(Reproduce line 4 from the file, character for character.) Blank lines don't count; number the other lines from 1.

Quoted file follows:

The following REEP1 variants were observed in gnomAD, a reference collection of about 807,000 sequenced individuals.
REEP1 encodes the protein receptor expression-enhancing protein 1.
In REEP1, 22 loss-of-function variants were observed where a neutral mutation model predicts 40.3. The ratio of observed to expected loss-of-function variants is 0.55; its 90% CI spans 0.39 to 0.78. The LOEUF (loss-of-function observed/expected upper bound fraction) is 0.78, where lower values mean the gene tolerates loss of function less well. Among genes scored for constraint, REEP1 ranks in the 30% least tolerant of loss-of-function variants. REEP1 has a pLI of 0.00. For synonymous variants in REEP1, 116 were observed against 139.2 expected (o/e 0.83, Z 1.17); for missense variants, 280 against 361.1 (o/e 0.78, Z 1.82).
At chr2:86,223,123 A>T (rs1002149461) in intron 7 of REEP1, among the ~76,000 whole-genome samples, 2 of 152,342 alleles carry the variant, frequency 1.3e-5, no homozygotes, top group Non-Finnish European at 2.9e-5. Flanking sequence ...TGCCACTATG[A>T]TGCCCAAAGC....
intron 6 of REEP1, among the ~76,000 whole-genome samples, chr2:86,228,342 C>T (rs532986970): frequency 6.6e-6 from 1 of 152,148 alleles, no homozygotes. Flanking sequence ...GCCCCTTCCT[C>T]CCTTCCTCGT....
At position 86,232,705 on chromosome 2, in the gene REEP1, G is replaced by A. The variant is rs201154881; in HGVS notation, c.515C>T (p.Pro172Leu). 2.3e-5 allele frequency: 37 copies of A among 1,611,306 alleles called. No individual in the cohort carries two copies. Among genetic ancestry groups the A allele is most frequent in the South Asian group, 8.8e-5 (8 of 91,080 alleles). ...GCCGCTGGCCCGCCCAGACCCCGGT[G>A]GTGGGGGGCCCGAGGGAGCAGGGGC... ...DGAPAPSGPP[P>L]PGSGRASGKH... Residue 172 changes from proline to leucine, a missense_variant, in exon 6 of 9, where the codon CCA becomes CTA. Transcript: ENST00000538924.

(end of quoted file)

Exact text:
At chr2:86,223,123 A>T (rs1002149461) in intron 7 of REEP1, among the ~76,000 whole-genome samples, 2 of 152,342 alleles carry the variant, frequency 1.3e-5, no homozygotes, top group Non-Finnish European at 2.9e-5. Flanking sequence ...TGCCACTATG[A>T]TGCCCAAAGC....